By Emily Drooby
The annual World Communications day event was held on May 8 in in Brooklyn.
This year’s theme “The Power of the Story: Growing the Catholic Church Through the Good News,” is a message which Brooklyn’s Bishop Nicholas DiMarzio said is important in this day and age.
“If we don’t tell our stories, and the good stories, you’re only going to hear bad stories, because that’s the way the news is. They want to have the exceptional thing,” he said.
The Director of Communications for the Diocese of Brooklyn, Adriana Rodriguez, added that while it might be a turbulent time for the Church, there are a lot of really beautiful things happening across the boroughs that deserve to be highlighted.
“There are a lot of good stories in our churches, and those are the stories that we want heard,” said Rodriguez.
“Lately in the news all we hear is bad news when it involves the Catholic Church, and we are trying to grow the good news. We know that in the pews, there are stories of people working hard, of people who are being helped by our Church, and by all the different agencies. So we want to promote those stories so that’s what people hear about, a thriving Catholic Church,” she added.
World Communications Day event attendees were treated to a panel presentation on spreading the good news.
Learning what makes a good story, Vito Formica, the Executive Director of News Content & Development for DeSales Media Group explained, is essential to spreading that good news.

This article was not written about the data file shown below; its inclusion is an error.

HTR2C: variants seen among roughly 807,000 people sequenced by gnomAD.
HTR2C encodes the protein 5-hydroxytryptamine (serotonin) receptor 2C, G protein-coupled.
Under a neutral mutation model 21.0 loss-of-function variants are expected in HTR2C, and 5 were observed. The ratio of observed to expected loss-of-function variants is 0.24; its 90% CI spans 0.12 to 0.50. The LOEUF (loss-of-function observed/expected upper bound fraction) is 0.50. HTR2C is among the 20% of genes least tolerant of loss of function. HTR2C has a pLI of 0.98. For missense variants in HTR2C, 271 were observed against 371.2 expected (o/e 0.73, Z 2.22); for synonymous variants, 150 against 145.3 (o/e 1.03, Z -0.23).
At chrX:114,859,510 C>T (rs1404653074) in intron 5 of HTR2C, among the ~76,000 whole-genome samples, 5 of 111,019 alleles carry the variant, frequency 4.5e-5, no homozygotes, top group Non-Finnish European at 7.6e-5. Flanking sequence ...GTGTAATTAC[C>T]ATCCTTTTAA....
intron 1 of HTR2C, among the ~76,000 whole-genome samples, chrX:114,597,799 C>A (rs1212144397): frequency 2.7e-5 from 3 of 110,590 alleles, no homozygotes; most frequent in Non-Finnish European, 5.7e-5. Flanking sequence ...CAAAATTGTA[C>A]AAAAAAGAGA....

“Today’s message is really about storytelling, the power of the story, how parishes, pastors anyone within the Church can use the power of storytelling to evangelize,” said Formica.
“It’s really not done enough. We do it well because we are the media. We do it with The Tablet, Nuestra Voz and Currents News every day. But it’s really untapped, and it’s not only with internal media, but it can also involve the secular press,” he added.
In present times, Vicar for Communication in the Diocese of Brooklyn, Monsignor Harrington, explains, an important part of that storytelling is social media.
“How is it that we can take the Gospel that Jesus has spoken and make it alive for us today,” he asked.
“How can we see that Word is not a Word spoken simply 2000 years ago, but that it’s alive for the people in Brooklyn and Queens right now, in 2019,” Monsignor Harrington continued.
Event keynote speaker and award recipient Monsignor Sean Ogle says using new media is essential to spreading the faith.
“I have a parish committee, and they said to me, ‘this is a way to go,’ and it would be another way of reaching additional people. Not everybody, but the story is a younger demo increasingly so. And we wanted to make sure we at least try to reach that demographic,” he said.
“For any minister of the Gospel, you have to use every possible means of reaching people, whatever the media is, traditional, new, old, digital, knocking on doors, whatever, all of those things have to be done,” Monsignor Ogle added.
He’s managed to successfully integrate a digital presence into the daily lives of his parishioners at Our Lady Of Mount Carmel church in Astoria, using social media, Youtube, smart TVs and the web to help spread the goodness and the vitality of his parish.
For his success, Monsignor Ogle received the Saint Francis DeSales Distinguished Communicator Award, presented by Bishop Nicholas DiMarzio.